Fear Shouldn't Be the Fuel for Security Industry Growth
NEWS ANALYSIS: FireEye's CEO blames a slowdown in business on the China-U.S. cyber-security detente. Is he right, and what are the implications of this?Why do companies buy security technology? It seems like a harmless enough question, and the obvious answer would seem to be that companies buy security technology to protect themselves and their users. But the larger question of when companies buy security technology is tougher to answer. This week, security vendor FireEye reported its third-quarter fiscal 2015 earnings and during a follow-up conference call with the financial community, CEO Dave DeWalt provided interesting insight into what motivates buyers. Part of FireEye's business comes from its Mandiant incident-response division, which has been involved in some of the biggest breaches in recent memory, including those at Sony and Anthem. Apparently, there has been a bit of a slowdown in breaches lately, and that's leading to a slowdown in security orders for FireEye. "After 18 months of elevated—what I call emergency—spending on advanced cyber-security, we're seeing customers take a more strategic approach to upgrading their security infrastructures," DeWalt said during his company's earnings call. "In years prior, it was this—I hate to call it an [oh, no] moment, but it's kind of an [oh, no] moment—and when it happens, they [customers] open up wallets and they change a little bit and the behavior changes."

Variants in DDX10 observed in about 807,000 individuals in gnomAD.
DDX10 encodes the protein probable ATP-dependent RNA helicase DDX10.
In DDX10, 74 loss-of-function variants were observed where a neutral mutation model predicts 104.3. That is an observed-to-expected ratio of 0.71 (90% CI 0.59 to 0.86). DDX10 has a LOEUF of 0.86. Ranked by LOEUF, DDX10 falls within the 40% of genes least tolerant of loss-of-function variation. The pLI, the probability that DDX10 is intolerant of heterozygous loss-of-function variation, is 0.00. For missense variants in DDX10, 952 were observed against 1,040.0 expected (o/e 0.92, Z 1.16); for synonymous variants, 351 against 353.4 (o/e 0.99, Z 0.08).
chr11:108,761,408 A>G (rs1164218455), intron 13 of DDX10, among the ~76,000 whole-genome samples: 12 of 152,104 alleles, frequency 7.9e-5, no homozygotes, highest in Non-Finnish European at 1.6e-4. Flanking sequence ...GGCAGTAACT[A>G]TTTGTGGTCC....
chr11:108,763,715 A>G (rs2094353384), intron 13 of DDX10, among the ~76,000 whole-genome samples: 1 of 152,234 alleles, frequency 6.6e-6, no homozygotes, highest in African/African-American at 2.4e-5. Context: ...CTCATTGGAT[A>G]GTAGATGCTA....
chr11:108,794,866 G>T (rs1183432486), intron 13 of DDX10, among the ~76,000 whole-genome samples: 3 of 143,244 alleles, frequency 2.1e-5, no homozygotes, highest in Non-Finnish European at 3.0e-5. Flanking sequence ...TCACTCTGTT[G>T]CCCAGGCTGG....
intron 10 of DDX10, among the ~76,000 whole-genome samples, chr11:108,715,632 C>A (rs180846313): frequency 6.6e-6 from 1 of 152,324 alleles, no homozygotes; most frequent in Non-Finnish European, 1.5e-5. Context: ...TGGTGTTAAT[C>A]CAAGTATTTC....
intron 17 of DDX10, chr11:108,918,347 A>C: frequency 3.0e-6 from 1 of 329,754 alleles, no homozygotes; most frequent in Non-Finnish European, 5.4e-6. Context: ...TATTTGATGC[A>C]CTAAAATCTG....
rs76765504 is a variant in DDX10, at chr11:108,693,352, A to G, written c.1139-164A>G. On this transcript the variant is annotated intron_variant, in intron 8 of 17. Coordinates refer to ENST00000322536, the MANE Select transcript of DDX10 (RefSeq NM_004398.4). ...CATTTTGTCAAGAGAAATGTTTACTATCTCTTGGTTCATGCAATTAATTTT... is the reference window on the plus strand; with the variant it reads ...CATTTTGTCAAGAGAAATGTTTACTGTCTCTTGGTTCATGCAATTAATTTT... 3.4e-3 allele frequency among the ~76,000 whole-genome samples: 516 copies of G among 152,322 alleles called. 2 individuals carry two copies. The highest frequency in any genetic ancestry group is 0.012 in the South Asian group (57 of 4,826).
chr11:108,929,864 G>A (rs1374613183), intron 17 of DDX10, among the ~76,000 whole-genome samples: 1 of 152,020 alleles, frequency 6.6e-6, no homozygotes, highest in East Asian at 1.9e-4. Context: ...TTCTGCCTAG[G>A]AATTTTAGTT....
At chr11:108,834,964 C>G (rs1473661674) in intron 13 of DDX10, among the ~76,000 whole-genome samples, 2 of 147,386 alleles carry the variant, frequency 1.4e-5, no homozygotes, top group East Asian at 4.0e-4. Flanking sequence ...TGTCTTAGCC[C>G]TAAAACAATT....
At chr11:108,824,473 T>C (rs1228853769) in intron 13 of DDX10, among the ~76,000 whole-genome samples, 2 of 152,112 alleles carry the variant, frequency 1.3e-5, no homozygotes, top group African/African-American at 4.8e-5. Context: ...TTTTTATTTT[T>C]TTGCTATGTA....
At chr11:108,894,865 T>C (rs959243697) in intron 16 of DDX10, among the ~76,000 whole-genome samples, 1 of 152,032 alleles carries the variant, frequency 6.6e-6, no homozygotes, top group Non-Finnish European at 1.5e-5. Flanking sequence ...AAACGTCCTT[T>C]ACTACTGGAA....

Basically, DeWalt is saying that organizations have been reacting to threats after they have been disclosed and reported in the media.